From Faith [Main Story]A young adult radio producer/expert blogger shares the reasons why she blogs.
his happened almost a year ago: A friend’s blog post got featured in an issue of Digital Life. During lunch, I received a call from him. “You’re not the only one whose blog is highlighted in the local newspapers!” he told me. “Now I’m in there too! And my feature is bigger than yours!”
Um . . . OK . . . you win . . . ?
Since when was this a competition? I’ve been blogging for almost three years. I don’t earn money from advertising nor derive ego boosts from tracking hits, so the number of readers my blog gets is irrelevant.
What I write may not always be humorous, or even smart. Yet, I believe in God’s providence—that someday, somehow, someone may just stumble across my little corner in cyberspace, read what I write, and be influenced by it.
I produce and host RadioYOUth for Hope 107 FM in Singapore, and also serve as Hope 107 FM’s Web site programmer/administrator. On RadioYOUth, which is a daily weekday program, you can expect contemporary Christian music, interviews, and giveaways. Being in the radio industry and maintaining the station’s Web site (and loving all things techy), it was natural for me to pick up blogging as a way to share my beliefs. I’m not trying to preach to anyone. Rather, I hope to share a bit of myself and encourage, challenge, and support people as they search for purpose in life.
Here’s a sample of a recent blog (November 6, 2006) that prompted some feedback:
It takes courage, loads of it, to challenge people with personal truth.
It’s easier to stick to theology. Tell someone that Christ is the Son of God; that there is a heaven; that Christ is the personification of love . . . people will accept them. They may not subscribe to the same belief, but they accept them.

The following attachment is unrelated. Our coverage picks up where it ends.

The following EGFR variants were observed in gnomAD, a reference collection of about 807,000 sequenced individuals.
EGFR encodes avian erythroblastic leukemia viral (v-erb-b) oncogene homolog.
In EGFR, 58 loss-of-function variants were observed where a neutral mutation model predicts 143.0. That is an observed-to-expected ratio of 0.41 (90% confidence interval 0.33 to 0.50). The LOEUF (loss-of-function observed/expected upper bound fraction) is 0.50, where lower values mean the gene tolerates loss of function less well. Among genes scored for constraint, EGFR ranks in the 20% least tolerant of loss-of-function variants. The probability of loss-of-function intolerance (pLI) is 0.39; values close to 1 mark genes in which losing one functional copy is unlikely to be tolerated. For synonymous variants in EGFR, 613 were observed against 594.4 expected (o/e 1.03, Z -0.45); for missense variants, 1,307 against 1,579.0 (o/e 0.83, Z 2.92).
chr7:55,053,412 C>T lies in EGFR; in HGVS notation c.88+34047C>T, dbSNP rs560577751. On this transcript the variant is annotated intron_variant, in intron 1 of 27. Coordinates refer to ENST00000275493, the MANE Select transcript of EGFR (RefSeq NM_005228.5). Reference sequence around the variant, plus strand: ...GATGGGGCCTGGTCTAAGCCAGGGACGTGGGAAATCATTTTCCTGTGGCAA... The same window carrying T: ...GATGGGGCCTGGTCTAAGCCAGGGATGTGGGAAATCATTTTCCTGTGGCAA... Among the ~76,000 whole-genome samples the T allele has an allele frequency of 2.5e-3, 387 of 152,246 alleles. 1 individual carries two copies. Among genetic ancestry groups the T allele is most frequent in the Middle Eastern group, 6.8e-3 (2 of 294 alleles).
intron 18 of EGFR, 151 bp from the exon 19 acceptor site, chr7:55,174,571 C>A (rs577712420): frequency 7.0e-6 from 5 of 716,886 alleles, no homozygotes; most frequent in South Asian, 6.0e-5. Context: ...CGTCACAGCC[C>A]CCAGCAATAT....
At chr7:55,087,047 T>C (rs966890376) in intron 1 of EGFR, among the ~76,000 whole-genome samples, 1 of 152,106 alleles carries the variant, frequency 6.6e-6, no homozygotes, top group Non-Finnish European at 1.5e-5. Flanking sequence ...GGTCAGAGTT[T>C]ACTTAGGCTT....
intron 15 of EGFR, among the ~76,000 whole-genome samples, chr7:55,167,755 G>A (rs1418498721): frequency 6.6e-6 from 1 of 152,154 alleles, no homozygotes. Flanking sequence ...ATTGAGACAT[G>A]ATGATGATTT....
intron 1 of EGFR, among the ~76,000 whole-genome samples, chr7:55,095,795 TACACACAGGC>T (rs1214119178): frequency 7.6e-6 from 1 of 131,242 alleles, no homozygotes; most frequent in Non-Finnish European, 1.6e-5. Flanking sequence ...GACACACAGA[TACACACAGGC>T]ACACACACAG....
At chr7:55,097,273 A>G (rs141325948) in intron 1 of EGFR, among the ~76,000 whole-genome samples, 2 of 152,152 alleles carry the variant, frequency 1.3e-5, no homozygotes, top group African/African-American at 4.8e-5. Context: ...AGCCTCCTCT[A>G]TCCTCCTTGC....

But try telling someone that how they show they love God is more important than how much God loves them. Or that their behaviors are hurting the people around them. Or that the decision they’re making isn’t wise.
Suddenly, it’s not so easy.
Confronting people with personal truth challenges the trust and respect they have for you. It means risking being disliked and misunderstood. Risking their pride, twisting your desperate concern as ineffective and meddling. Perhaps even using your words as an excuse for running away from the things that will save their lives.
I am a people-pleaser, and I know I’m very susceptible to being held hostage to my fear of being misunderstood. . . . My brain understands that I cannot please everyone and healing is largely dependent on the other person’s own teachability. (“If you’re teachable, you’re fixable.”) My heart just needs a little time to catch up.
Even deeper still, burrowed in my damaged psyche lies the fear of being the catalyst for someone turning away from God. It’s a trump card that gets thrown down often, “The church is blah blah blah. That’s why I stopped going”; or “You say you’re a Christian, then why don’t you (insert the individual’s want here) for me?”
. . . It still takes courage.
God, I need courage.
Faith Toh writes from Singapore.